small business owner

Understand all the options that are on the table as you respond to COVID-19’s business impacts.

Understanding Your Financing Options

Has your small business been impacted by COVID-19? Are you working to sort through your next steps and wondering what options are on the table?

Our experts sat down with local lenders, staff from the U.S. Small Business Administration and others to share more about the programs currently available. Find our recap below along with the full webinar recording and slide deck.

We are here to support you – the small business owner – during this time. 

We’re offering meetings every day to talk with current small business owners about their financing options and provide assistance with the disaster loan application process. You can schedule a virtual meeting with a business consultant at a time that works best for you. As always, the cost for our consulting is covered by our funding partners.

U.S. Small Business Administration

Economic Injury Disaster Loans

The U.S. Small Business Administration has an Economic Injury Disaster loan program that is available to businesses that have been negatively impacted by COVID-19.

These disaster loans can be used to pay fixed debts, payroll, accounts payable, and other bills required to operate business, including an owner’s salary and leasing costs.

No collateral is needed for loans up to $25,000. If a business seeks a loan for more than $25,000 business assets will be required for collateral, but personal assets will not be required of the owner.

The SBA will determine how much money each business is eligible for, primarily based on business liabilities. Tax information will be pulled directly from the Department of the Treasury and you must be current on your tax obligations. If the initial disbursement is not enough, a business owner can request a loan modification without having to complete the entire application process again.

The SBA Economic Injury Disaster loan application can be daunting. Find our full guide to the program and FAQ online.

Traditional SBA Loans

The SBA’s traditional 7A loan program is still in place. This program may yield quicker turnarounds than the Economic Injury Disaster loan program for businesses that qualify.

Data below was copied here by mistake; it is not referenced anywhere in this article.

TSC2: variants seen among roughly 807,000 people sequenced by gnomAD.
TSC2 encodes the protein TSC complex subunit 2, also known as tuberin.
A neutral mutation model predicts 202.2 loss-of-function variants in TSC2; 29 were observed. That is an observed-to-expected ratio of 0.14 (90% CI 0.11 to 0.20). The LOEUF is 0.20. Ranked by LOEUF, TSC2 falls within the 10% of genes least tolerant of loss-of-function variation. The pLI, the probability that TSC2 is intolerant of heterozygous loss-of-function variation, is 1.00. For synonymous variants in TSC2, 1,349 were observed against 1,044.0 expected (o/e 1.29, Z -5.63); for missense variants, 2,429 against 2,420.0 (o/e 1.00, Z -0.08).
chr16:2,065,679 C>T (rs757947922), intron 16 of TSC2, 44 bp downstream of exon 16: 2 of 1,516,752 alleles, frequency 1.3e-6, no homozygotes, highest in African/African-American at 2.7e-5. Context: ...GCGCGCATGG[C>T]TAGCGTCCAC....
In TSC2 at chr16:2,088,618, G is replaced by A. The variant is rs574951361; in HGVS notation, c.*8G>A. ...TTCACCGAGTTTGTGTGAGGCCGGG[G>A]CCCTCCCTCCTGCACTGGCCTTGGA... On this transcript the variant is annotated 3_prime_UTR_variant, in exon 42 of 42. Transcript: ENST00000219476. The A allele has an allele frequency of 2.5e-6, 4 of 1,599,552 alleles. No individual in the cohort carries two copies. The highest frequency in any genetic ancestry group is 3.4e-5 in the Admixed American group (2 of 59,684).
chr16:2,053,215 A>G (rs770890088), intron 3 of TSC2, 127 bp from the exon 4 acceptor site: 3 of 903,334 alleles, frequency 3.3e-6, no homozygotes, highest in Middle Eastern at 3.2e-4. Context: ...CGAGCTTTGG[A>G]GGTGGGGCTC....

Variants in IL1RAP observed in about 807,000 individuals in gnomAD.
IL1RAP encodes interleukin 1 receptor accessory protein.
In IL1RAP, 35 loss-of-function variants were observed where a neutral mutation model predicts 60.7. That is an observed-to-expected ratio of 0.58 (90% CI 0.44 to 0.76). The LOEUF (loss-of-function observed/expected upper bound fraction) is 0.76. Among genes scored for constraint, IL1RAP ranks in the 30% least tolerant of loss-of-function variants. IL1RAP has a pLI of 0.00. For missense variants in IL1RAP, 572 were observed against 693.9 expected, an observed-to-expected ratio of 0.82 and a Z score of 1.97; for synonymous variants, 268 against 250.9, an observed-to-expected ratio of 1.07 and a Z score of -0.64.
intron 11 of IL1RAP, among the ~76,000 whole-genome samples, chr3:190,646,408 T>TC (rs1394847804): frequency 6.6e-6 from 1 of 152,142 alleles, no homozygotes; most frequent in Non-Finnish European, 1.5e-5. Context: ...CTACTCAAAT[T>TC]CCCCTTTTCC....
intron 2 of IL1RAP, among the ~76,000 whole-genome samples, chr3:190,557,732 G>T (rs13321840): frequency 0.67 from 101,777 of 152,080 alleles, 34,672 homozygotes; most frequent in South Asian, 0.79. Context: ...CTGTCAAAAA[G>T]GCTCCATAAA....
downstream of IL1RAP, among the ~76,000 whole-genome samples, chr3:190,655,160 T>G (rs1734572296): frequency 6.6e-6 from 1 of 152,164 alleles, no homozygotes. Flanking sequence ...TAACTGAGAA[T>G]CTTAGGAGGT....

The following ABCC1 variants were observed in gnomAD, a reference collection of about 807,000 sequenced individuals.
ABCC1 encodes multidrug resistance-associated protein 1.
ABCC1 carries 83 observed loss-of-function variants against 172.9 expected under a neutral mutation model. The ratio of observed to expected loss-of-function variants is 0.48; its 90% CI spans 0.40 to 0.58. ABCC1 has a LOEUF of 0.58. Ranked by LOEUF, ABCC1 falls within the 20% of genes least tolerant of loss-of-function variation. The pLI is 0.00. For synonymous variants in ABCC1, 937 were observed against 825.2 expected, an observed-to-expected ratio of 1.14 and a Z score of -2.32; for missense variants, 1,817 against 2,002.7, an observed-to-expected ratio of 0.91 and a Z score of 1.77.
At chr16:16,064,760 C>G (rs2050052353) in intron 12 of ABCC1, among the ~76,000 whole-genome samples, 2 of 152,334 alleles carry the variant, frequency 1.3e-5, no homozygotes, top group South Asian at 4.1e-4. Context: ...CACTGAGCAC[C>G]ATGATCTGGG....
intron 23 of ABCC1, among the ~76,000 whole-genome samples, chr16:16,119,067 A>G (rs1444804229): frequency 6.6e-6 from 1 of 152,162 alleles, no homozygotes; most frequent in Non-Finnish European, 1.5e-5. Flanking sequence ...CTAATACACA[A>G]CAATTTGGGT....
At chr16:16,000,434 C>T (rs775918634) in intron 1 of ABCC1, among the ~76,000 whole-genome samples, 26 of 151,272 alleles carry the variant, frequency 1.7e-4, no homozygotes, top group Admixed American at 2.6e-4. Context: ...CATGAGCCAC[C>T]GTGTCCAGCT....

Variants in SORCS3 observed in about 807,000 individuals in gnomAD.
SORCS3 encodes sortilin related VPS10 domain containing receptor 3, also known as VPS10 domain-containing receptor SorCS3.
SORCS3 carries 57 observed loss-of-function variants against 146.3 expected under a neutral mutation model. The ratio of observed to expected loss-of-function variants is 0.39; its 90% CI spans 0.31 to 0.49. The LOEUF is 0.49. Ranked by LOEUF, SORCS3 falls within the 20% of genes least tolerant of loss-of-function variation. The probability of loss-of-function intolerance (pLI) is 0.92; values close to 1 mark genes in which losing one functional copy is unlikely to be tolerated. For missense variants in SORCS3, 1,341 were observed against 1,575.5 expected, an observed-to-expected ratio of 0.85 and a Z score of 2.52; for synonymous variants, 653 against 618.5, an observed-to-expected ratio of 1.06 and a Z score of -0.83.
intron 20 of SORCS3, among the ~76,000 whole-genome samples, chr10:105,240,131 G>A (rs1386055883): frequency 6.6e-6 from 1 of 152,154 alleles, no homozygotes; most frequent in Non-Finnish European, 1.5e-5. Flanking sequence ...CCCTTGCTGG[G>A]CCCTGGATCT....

SBA lenders in your community can discuss these traditional SBA loans and conventional business loans to evaluate what might be the best fit for your business.

Your Business Lender

Many businesses have existing loans and a relationship with a business lender. If you have any kind of existing loan, the first thing you should do is get in touch with your lender to share how your business is being impacted.

Loan deferment is a normal procedure, given the circumstances. Your lender may be able to offer anything from a 90-day to six-month deferral on your current loan payments, allowing you to only pay interest on the loan.  Others may be able to lower the interest rate for a short period of time.  Each request is handled on a case-by-case basis.

Deferment applications will likely require a 2019 Profit and Loss Statement and a 2019 tax return, when it is available. Lenders are working to move quickly but still must adhere to regulatory guidelines. Current and accurate financials will streamline the process of determining how COVID-19 has affected your business.

Microloans

Microloans may be a good financing option for your business during this time. When we spoke to experts in this space, we learned capital is available to small businesses and microlenders are still lending during the COVID-19 pandemic.

Justine PETERSEN microloans are small loans that are typically less than $10,000. Almost all of their lending activity is less than $50,000. These loans typically have a three-week turnaround time from application to funding.

When applying for a microloan you would need to provide the previous two years of tax information, three months of bank statements (personal and business), mortgage statements, and all business incorporation paperwork.

Another microlender with a presence in Missouri is the FORGE Fund. FORGE lends money to individuals, small businesses and farms in Arkansas, Oklahoma and Missouri. Similar to other loan programs, applications are submitted and reviewed. The size of your loan request determines the level of underwriting that will take place.

If you currently have a microloan, you may be able to defer payment. Again, communicating directly with your lender is important to understand all options available to you.

Here to Help You

We are here to support you – the small business owner – during this time. 

We’re offering meetings every day to talk with current small business owners about their financing options and provide assistance with the disaster loan application process. You can schedule a virtual meeting with a business consultant at a time that works best for you. As always, the cost for our consulting is covered by our funding partners.

The Missouri Small Business Development Center (SBDC) at Missouri State University serves as part of the efactory’s business support programs in Springfield, MO. The Missouri SBDC at Missouri State University serves 16 counties throughout Southwest Missouri with offices in Springfield, West Plains and Forsyth.  To find a MO SBDC in your area visit our statewide website.